Tangled issues with what status we should use for our HTTP redirects

September 19, 2022

We have a general purpose web server, which includes user home pages. Historically, every so often people moved on but wanted their home pages to redirect to elsewhere, and we generally obliged, using various Apache mechanisms to set up HTTP redirections (most recently with Apache's RewriteMap). However, we haven't had any such new requests for years and years, which means that by now all of our existing such redirections are very old (and, naturally, not all of them still went to working destinations).

When we set up any HTTP redirection, we have historically tended to initially make them 'temporary' redirections (ie, HTTP status 302). Partly this is because it's usually the Apache default, and partly this is because we're concerned that we may have made a mistake (either in configuration or intentions) and historically permanent redirects could be cached in browsers, although I'm not sure how much that happens today. Our most recent version of redirections for people's old home pages were set up this way, and so they've stayed for four years.

Recently we had cause to look at how frequently these old redirections were still being used. To my surprise, a fair number of them were being used fairly often, and not just by search engines crawling them. Some of these uses may be from old URLs embedded in various places, but some of them seem to come from people following search engine links. I don't know for sure that search engines wouldn't be providing these links if we'd using permanent HTTP redirections, but it probably wouldn't hurt. So, more than four years after we set up things as temporary redirections just in case, we got around to making them permanent redirections. Quite possibly we should have left ourselves a note to do it sooner than that, once things were all proven and working.

Except, of course, there is a catch. Every so often we want to remove such a redirection (for example, because it's broken, or no longer desired), and then perhaps later the login name and thus the home page URL will be reused for another person. When that happens, we definitely don't want search engines (or browsers) to be convinced that '<us>/~user/' is permanently redirected to elsewhere, and to refuse to index or use the new, real, non-redirected version. If permanent HTTP redirections make this less likely, we should probably keep our redirections as temporary ones, even if this has other effects.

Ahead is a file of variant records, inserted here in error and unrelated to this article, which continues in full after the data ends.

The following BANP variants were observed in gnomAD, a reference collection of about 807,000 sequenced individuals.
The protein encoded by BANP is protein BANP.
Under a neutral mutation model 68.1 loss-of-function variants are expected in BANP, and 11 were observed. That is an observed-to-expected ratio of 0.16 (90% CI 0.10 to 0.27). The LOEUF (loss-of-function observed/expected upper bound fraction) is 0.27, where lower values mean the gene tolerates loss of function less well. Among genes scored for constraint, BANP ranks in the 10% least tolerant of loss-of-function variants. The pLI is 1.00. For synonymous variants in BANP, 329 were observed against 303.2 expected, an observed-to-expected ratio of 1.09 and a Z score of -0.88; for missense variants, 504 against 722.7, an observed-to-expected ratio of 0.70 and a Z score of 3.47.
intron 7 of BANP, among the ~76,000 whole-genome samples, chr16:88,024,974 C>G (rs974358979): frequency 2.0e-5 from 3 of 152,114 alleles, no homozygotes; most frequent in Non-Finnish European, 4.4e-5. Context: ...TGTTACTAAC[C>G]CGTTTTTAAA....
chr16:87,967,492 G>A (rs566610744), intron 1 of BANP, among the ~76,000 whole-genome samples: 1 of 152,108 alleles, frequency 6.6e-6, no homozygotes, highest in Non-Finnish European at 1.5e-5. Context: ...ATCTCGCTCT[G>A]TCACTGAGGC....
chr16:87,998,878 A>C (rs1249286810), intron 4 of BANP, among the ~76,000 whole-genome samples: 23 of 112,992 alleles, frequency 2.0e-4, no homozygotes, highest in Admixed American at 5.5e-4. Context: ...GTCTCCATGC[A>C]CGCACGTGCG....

In part this is a conflict between the needs of the old and the new users of these URLs (or of any URLs). Permanent redirects may help the old users but hurt the new users, while temporary redirects may be the reverse. In theory this means that we should prioritize the needs of new users (who will be our current users) and use temporary redirects, but on the other hand the new users are generally only a theoretical future thing while the redirections for the old users exist now. I don't think I have any simple answers here.

(Let's take it as a given that the redirections will eventually go away and the URLs will eventually be reused. In some ideal worlds, URLs would be permanently claimed by and for their first use, but this is not the world we exist in in practice.)

Comments on this page:

In situations like this it would be easier to decide if there were a hit count. How many times has every redirect rule that you've put in the map been used over this period of time?

Same thing applies for rules in an access list of a firewall, you put something in there temporarily to fix something, and three years later you wonder if it's still being used.

By cks at 2022-09-20 22:41:03:

One of the complications with hit counts for the redirection rules is that you probably want to count search engines differently than actual people, but determining which is which is not straightforward in an automated analysis (in an ad-hoc on the spot check analysis you can eyeball the user agent strings and the IP address ranges).

In our environment there are also broader policy issues around when user home page redirections will and won't be preserved that probably trump usage counts in many situations. Hit counts will only influence things at the margins.

I’d suggest a five phased approach:

1) $USER1 exists -> 200
2) $USER1 moved -> 302 for one year
3) $USER1 moved more than a year ago -> 301 for one year
4) $USER1 moved more than two years ago -> 410 gone

5) $USER2 exists -> 200 as necessary

Where $USER1 and $USER are different people with the same username at different times.

Written on 19 September 2022.
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